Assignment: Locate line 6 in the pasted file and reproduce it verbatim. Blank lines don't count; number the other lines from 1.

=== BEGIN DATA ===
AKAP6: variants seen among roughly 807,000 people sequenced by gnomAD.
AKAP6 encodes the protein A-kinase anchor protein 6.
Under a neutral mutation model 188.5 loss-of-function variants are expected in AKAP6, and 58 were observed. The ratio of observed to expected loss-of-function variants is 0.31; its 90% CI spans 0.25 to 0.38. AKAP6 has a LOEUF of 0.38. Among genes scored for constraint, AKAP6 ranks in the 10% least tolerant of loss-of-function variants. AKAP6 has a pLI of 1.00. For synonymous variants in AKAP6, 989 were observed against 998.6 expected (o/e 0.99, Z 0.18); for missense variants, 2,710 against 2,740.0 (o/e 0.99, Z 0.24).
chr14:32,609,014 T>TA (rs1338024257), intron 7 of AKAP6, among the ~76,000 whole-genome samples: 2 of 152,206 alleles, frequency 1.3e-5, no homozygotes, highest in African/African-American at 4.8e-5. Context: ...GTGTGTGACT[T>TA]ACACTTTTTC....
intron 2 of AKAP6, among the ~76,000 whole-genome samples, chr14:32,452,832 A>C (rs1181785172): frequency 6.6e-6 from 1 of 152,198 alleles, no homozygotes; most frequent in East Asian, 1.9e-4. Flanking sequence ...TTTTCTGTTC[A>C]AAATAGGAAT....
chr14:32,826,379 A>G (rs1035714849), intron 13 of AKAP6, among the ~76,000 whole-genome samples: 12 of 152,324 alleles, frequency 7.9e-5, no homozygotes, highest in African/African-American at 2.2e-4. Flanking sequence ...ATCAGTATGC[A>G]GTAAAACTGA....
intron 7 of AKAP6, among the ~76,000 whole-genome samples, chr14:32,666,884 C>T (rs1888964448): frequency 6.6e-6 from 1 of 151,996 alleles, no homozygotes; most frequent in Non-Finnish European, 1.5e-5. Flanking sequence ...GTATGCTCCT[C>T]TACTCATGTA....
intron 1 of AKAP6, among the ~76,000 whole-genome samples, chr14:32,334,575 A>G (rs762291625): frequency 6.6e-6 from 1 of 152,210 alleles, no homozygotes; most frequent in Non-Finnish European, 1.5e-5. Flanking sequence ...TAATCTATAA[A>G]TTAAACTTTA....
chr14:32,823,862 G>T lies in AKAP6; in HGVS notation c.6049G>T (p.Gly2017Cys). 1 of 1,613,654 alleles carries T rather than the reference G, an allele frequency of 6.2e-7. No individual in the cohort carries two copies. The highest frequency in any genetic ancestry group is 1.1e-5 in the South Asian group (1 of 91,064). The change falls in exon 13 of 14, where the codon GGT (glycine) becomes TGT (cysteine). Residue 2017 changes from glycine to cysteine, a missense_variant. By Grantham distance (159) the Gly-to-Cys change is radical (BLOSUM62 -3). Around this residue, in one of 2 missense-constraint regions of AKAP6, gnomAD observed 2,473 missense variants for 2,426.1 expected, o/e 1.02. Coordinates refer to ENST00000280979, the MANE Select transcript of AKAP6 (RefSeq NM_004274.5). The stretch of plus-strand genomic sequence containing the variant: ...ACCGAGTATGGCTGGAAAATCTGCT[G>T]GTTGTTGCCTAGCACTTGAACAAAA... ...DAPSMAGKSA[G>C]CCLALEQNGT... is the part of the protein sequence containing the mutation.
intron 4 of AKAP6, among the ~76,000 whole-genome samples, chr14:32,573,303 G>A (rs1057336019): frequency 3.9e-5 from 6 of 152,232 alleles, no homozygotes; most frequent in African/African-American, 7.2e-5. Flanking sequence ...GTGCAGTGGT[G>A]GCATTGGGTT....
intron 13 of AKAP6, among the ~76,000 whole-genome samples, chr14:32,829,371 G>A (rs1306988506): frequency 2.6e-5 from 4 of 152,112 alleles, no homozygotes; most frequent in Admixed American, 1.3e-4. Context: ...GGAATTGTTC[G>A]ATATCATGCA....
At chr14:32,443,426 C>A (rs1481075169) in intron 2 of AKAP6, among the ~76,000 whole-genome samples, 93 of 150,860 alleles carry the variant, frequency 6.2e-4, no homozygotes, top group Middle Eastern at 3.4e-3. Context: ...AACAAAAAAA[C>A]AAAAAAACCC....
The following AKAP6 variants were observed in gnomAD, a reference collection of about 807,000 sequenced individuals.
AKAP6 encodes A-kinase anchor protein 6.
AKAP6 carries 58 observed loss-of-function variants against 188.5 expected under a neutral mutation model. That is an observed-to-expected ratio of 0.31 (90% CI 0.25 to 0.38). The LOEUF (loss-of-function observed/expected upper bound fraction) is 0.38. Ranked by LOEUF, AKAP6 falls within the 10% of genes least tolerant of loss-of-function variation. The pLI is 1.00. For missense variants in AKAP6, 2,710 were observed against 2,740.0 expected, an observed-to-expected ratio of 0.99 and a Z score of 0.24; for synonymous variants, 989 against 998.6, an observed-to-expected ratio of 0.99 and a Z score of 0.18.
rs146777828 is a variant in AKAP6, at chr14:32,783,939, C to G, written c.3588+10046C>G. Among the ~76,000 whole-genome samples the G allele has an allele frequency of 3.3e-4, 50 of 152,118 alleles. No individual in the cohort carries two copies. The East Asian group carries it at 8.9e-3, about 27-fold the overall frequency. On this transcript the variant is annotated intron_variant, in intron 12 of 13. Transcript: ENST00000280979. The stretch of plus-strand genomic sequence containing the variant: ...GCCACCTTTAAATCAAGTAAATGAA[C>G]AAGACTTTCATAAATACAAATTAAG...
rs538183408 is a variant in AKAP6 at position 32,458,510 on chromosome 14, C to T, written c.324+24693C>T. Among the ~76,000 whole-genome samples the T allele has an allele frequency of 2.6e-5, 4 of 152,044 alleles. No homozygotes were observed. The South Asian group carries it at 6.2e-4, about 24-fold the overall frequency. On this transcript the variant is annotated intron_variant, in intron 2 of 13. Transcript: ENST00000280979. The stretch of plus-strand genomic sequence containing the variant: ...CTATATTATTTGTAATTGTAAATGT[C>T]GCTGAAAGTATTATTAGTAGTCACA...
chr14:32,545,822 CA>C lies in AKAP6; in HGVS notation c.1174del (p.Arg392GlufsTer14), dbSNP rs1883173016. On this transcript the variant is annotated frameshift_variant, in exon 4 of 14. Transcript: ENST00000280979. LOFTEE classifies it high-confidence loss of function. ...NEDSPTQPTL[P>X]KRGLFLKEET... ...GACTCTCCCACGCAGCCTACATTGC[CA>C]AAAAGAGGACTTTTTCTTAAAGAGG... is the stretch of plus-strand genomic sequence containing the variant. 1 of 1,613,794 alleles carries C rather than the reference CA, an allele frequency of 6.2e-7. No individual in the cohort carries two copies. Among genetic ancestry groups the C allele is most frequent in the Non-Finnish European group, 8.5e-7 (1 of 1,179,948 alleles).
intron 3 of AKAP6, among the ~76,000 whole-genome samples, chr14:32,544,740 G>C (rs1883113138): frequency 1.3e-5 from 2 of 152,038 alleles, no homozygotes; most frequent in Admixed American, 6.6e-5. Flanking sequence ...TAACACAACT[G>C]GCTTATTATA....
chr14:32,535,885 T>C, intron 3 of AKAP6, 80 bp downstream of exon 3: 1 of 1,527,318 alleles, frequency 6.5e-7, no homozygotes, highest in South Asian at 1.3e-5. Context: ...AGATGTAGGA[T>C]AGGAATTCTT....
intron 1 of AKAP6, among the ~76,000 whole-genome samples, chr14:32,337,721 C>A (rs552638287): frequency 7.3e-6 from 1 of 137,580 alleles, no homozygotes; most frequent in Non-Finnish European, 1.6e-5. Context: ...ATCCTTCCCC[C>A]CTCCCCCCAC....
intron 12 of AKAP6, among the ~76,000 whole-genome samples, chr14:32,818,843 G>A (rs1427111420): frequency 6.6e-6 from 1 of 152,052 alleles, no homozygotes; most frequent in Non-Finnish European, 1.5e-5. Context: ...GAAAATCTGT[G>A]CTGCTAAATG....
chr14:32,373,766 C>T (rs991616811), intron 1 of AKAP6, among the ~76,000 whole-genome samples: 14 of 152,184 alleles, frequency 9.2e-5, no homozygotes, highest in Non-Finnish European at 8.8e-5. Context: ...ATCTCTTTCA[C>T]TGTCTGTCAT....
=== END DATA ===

chr14:32,826,379 A>G (rs1035714849), intron 13 of AKAP6, among the ~76,000 whole-genome samples: 12 of 152,324 alleles, frequency 7.9e-5, no homozygotes, highest in African/African-American at 2.2e-4. Flanking sequence ...ATCAGTATGC[A>G]GTAAAACTGA....